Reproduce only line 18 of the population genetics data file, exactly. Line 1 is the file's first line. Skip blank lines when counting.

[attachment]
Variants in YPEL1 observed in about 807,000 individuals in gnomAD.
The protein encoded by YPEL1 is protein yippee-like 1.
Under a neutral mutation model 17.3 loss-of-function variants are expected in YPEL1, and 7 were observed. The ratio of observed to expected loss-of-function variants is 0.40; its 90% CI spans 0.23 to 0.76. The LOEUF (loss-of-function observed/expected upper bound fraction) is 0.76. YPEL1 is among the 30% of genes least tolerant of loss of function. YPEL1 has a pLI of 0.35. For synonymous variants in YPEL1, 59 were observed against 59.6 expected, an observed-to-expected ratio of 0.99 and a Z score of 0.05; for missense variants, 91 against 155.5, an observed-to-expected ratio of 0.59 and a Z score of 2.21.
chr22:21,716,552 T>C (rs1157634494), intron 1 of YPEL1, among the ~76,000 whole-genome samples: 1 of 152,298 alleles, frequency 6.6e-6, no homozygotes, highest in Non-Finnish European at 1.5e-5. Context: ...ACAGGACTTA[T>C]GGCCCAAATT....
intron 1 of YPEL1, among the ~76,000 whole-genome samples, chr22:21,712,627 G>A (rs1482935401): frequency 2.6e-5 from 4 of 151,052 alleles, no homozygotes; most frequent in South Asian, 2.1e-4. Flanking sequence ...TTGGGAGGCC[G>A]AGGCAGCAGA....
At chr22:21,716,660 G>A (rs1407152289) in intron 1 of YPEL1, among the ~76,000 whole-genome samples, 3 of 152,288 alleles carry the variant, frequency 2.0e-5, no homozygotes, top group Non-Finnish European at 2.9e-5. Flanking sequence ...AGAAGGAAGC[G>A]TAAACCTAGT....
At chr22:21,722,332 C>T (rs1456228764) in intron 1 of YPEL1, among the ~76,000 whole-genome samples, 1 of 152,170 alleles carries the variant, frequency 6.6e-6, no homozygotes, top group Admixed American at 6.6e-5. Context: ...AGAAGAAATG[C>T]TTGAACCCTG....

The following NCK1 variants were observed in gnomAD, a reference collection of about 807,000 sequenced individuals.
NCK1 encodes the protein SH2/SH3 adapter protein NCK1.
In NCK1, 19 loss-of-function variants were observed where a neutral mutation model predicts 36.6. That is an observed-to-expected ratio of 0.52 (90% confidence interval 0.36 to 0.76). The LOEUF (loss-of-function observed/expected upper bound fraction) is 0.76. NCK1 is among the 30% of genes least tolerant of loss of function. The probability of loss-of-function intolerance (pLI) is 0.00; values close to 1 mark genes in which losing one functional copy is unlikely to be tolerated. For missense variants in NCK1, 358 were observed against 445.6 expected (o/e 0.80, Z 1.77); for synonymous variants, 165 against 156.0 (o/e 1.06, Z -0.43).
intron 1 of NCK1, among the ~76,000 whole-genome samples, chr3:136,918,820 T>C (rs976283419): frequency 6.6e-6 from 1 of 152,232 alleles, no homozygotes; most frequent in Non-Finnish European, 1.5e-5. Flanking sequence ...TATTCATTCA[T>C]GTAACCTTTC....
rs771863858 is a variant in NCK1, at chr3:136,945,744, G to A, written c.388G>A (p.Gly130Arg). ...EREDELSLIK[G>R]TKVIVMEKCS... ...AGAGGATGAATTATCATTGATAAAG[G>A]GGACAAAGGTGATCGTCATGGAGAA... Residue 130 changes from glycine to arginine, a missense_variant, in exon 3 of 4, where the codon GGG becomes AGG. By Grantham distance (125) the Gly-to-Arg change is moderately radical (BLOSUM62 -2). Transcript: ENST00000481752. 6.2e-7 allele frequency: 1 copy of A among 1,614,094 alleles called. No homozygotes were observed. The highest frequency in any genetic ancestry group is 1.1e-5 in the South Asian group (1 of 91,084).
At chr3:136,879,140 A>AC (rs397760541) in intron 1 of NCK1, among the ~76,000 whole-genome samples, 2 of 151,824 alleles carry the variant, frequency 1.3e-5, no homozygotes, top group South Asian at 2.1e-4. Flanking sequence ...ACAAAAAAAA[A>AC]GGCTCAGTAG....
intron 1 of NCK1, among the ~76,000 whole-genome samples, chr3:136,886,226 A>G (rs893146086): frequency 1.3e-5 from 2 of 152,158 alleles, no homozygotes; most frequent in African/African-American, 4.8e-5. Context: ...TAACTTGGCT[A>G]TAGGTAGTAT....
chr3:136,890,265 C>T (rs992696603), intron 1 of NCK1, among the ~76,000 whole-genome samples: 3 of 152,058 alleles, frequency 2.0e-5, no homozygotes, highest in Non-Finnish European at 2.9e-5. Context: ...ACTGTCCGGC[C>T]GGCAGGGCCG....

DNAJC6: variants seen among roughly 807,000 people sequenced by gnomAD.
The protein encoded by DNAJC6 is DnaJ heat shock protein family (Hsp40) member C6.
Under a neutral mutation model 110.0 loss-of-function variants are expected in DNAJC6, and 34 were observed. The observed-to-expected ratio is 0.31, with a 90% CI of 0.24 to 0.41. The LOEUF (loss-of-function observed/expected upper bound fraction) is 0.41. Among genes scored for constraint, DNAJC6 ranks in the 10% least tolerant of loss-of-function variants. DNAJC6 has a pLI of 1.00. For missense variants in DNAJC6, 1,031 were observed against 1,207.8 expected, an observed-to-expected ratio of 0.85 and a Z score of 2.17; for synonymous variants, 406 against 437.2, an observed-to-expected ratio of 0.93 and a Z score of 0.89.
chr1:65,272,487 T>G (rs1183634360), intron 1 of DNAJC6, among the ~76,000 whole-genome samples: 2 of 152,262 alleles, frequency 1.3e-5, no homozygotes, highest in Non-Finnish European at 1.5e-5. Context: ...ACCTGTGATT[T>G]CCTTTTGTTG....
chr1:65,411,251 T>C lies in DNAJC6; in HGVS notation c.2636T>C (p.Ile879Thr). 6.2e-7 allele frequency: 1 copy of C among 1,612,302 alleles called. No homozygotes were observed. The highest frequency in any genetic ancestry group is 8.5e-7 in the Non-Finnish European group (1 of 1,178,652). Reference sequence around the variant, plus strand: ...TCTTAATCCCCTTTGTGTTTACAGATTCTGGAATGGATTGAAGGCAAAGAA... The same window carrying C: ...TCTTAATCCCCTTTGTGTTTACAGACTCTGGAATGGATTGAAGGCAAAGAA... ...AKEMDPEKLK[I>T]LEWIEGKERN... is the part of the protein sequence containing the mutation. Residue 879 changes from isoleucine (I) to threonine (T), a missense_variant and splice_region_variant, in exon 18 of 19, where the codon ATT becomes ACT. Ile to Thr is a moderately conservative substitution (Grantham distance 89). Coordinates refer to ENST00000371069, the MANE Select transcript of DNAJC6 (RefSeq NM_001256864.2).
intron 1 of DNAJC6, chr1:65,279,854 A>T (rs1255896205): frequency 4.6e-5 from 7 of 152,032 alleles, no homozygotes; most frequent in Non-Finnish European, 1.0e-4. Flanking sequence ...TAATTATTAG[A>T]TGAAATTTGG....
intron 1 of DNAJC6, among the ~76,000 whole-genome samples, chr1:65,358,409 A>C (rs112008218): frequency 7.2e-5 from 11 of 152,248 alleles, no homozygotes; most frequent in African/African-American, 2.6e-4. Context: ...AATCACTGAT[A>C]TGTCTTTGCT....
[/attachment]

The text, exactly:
Under a neutral mutation model 110.0 loss-of-function variants are expected in DNAJC6, and 34 were observed. The observed-to-expected ratio is 0.31, with a 90% CI of 0.24 to 0.41. The LOEUF (loss-of-function observed/expected upper bound fraction) is 0.41. Among genes scored for constraint, DNAJC6 ranks in the 10% least tolerant of loss-of-function variants. DNAJC6 has a pLI of 1.00. For missense variants in DNAJC6, 1,031 were observed against 1,207.8 expected, an observed-to-expected ratio of 0.85 and a Z score of 2.17; for synonymous variants, 406 against 437.2, an observed-to-expected ratio of 0.93 and a Z score of 0.89.